Instead of fleeing I decided to take my fate in my own hands and be that creative individual I am to create opportunity for myself, while creating opportunities for others – we all know this formula – but many would rather work hard in another state to make a stranger’s dreams come true. One of my favorite tweets from Vogue magazine’s editor in chief Ann Wintour is, “Things turn out best for the people who make the best of the way things turn out.”
On her favorite things about Detroit:
My favorite thing about the city isn’t a certain place, landmark, or experience but the fact that there is so much land development and retrofitting opportunity – but I hope that these opportunities “land” in the right hands. There is a curse and a blessing in what happened to Detroit. There is always a positive that meets the pole of the negative and what goes down must come up again. The anticipation of what is to become of Detroit pains me as I plan to help with this effort in rebuilding our city through the pages of MASH magazine and as a design professional.
On what she wishes you knew about Detroit:
I wish that people knew that Detroit has a huge creative and artistic population that is bursting at the seams. There are those creatives that are pursuing their goals by just being who they are as songwriters, musicians, fashion bloggers by just loving what they do and in return bringing shine to the city.
And, then there are many of us with new ideas on how we can use our creative energy to make a change – by doing something like starting a magazine, opening a clothing store, or a bakery as a catalyst for a resurgence of community. The young hip and educated that are staying here and were meant to be here are making a difference. We are positive people, and understand that what comes out of your mouth about your city resonates into the world and is a reflection of you.
On future plans:
My plans for the magazine is to make it a decentralized national/international monthly periodical – educating a wider urban audience on the power of design to apply to their communities – while maintaining a MASH Detroit quarterly. Of course with each issue of the MASH monthly we will maintain our headquarters in the city, source talent from within the city and there will be a section dedicated to the positive happenings in Detroit – what better way to change the way the world views Detroit than that?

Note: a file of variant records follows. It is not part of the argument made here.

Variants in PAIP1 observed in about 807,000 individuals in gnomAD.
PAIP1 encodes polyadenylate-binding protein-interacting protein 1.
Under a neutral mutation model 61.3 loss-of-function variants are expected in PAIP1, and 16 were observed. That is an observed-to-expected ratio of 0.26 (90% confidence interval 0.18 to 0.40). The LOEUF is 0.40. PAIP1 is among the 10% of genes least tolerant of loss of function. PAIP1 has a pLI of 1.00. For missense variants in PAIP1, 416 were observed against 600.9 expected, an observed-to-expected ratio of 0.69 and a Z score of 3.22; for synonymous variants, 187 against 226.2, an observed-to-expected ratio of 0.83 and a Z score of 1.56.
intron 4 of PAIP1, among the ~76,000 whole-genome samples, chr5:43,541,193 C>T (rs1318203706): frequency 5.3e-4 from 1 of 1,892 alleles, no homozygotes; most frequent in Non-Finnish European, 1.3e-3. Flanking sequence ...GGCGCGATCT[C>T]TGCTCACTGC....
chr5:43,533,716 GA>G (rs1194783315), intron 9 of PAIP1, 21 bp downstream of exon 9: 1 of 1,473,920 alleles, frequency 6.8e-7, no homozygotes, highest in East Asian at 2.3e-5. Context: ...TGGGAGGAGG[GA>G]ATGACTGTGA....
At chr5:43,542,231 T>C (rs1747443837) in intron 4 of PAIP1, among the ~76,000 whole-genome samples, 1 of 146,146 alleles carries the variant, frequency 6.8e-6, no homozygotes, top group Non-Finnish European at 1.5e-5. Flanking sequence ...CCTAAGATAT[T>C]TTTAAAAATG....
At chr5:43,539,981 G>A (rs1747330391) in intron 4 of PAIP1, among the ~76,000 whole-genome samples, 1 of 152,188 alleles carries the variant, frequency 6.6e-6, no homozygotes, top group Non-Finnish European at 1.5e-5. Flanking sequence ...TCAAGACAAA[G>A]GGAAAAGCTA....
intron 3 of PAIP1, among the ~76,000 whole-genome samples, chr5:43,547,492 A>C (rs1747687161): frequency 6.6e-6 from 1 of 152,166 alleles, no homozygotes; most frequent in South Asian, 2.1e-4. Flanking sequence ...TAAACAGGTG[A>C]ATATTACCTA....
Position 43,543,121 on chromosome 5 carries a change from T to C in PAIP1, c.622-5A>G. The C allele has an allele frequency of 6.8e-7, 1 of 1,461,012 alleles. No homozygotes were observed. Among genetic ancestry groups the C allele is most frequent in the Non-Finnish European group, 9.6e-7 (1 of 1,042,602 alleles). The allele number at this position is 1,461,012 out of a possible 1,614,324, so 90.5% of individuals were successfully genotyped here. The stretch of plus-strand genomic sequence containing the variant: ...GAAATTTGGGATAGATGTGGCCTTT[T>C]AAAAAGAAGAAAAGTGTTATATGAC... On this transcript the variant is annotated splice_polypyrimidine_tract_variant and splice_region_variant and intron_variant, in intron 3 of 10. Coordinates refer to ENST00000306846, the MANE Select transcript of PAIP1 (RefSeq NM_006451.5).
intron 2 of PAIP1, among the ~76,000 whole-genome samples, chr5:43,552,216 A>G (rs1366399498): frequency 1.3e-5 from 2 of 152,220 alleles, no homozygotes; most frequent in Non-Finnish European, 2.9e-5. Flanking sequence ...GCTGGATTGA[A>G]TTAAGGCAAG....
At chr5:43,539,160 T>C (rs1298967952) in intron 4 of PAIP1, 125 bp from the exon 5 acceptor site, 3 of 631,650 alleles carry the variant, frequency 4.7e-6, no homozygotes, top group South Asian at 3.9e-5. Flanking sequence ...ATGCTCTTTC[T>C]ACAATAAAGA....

Outside of the magazine I would like to also venture into real-estate and development to continue my practice of design – it’s only fitting that I do that, right? I’m currently designing a line of makeup/cosmetics, tools, bags, cases, furniture and accessories for the professional makeup artist and fashion stylist –amongst juggling a major institutional design job at the moment – I’m very busy but the future is looking really bright.
Mashawnta’s words of wisdom:
1. Find your passion. Pursuing your passions and within it finding your purpose, equals bliss.
2. Design and create the lifestyle that you want to live. You don’t have to have every single thing in your design expressed in detail, because plans always change. Just see the end result in mind and take one step after another towards it. If it’s truly your passion that has met your purpose then there shouldn’t be a struggle in your efforts – everything will flow.
3. Surround yourself with like-minded people and be careful about sharing your endeavors with everyone that you meet because there is always someone that has something negative to say –but learn how to differentiate that from constructive criticism. Let them wait find out what you were doing when they read about it on IAmYoungDetroit.com.
4. Usually everything you need to make it happen is already in your reach staring you right in your face. You just have to clear your head, eliminate all fear and doubt, and connect the dots.
- MASH Magazine
- U of M Taubman College of Architecture
- U of M ArcStart program for High School Students